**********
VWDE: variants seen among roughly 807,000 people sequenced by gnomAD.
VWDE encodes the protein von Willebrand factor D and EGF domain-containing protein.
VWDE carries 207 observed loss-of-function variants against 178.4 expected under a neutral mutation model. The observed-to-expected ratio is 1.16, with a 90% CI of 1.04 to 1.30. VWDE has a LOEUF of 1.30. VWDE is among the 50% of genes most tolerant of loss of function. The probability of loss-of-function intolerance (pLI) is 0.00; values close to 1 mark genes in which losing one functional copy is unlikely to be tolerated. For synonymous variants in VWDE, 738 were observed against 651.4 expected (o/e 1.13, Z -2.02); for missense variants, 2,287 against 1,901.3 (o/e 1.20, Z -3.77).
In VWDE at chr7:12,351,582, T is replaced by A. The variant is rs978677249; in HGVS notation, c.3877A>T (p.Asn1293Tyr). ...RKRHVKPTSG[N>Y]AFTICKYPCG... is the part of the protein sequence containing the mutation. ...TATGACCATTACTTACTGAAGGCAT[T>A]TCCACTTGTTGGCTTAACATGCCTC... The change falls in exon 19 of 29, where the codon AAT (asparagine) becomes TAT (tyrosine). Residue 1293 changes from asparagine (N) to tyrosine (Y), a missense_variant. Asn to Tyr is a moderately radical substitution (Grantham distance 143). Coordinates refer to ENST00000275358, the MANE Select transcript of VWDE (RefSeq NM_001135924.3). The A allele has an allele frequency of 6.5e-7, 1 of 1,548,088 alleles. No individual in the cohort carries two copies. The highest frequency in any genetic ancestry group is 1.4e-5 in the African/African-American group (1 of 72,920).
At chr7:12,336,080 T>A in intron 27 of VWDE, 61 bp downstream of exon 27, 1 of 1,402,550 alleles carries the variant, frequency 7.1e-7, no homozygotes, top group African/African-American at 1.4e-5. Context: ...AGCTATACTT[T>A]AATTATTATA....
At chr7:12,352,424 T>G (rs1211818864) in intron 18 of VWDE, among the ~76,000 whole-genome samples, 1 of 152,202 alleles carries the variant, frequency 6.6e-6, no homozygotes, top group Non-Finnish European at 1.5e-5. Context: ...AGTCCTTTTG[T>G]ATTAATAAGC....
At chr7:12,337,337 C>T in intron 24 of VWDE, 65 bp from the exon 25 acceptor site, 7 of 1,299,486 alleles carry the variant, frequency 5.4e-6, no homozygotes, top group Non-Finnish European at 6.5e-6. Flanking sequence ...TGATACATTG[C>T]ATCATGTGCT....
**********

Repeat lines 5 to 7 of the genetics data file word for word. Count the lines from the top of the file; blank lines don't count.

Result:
At chr7:12,336,080 T>A in intron 27 of VWDE, 61 bp downstream of exon 27, 1 of 1,402,550 alleles carries the variant, frequency 7.1e-7, no homozygotes, top group African/African-American at 1.4e-5. Context: ...AGCTATACTT[T>A]AATTATTATA....
At chr7:12,352,424 T>G (rs1211818864) in intron 18 of VWDE, among the ~76,000 whole-genome samples, 1 of 152,202 alleles carries the variant, frequency 6.6e-6, no homozygotes, top group Non-Finnish European at 1.5e-5. Context: ...AGTCCTTTTG[T>G]ATTAATAAGC....
At chr7:12,337,337 C>T in intron 24 of VWDE, 65 bp from the exon 25 acceptor site, 7 of 1,299,486 alleles carry the variant, frequency 5.4e-6, no homozygotes, top group Non-Finnish European at 6.5e-6. Flanking sequence ...TGATACATTG[C>T]ATCATGTGCT....